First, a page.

Ilona Pálffy, head of the office, announced that MSZP was too early. Although it is true, she admitted, that the announcement of the judgment had appeared on their website, it was not yet on the National Election Commission’s website. NVI’s announcement is not official, only NVB’s is. So she will send on another question submitted by Zoltán Vajda, a member of a civic group that calls itself Új Magyar Köztársaság Egyesület/ÚMKE, which was received by NVI a few minutes later. That question reads: “Do you agree that no law should limit the opening times of retail businesses?”
All this happened on Sunday. The next day MSZP announced that they will sue because Ilona Pálffy acted illegally when she rejected their question and sent on another one that was received later. The announcement on NVI’s website appeared at 16:05, after Pálffy had received the decision hand-delivered by a messenger from NVB. MSZP resubmitted their question again on Tuesday. The Kúria will decide on the case.
What happened after that was also predictable. Yesterday Zoltán Vajda of ÚMKE screamed his head off for at least half an hour about MSZP’s dishonesty and their question’s deficiencies. He claimed that MSZP wants to bolster their popularity by being behind this important referendum. Instead, they should just let ÚMKE’s referendum question go ahead without any challenge.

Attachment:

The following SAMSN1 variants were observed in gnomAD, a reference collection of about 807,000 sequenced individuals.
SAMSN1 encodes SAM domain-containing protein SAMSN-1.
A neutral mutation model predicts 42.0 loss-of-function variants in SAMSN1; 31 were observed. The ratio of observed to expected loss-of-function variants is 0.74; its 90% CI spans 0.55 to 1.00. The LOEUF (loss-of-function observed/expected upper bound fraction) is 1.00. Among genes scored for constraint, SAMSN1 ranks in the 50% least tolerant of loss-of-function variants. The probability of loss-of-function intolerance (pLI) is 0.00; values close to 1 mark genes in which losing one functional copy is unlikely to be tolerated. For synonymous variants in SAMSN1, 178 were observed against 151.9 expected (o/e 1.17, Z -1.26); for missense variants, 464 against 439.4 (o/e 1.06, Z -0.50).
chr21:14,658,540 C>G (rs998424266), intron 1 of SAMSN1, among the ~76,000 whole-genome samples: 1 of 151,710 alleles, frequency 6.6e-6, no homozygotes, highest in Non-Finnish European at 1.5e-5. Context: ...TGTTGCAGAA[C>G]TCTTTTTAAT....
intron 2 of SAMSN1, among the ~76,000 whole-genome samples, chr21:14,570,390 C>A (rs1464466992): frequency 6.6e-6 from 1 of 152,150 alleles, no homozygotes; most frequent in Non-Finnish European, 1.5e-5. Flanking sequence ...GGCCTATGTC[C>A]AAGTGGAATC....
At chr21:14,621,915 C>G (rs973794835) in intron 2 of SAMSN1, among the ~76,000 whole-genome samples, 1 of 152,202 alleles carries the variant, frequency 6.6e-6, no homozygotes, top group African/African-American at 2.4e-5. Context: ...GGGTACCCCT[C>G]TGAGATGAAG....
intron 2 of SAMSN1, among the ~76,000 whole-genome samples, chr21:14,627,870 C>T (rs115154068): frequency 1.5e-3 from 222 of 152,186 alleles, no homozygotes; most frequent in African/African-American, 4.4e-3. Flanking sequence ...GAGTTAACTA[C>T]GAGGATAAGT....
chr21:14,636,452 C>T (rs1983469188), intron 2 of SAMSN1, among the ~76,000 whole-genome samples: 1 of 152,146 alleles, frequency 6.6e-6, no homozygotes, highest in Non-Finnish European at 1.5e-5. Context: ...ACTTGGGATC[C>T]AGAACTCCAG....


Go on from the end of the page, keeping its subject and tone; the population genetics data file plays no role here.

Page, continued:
I listened to his harangue with growing distress. His referendum question seems destined for rejection. Not only is it poorly constructed. One could argue that there are occasions when the government could restrict store openings, like Christmas Day or certain national holidays. I think MSZP’s question would have a much better chance of passing the scrutiny of NVB.
I have another worry. Vajda and his group have submitted scores of referendum questions, of which NVB has already approved five. They are not the kind that would bring millions out to vote. I suspect that if their referendum question on store closings is accepted, it would simply be added to the otherwise innocuous list of already approved questions. In that case, I’m not even sure that the vote would be valid, due to lack of voter turnout.
All in all, I hope that MSZP’s referendum question will get the green light. Perhaps Hungarians will be able to vote on something their government clearly doesn’t want them to.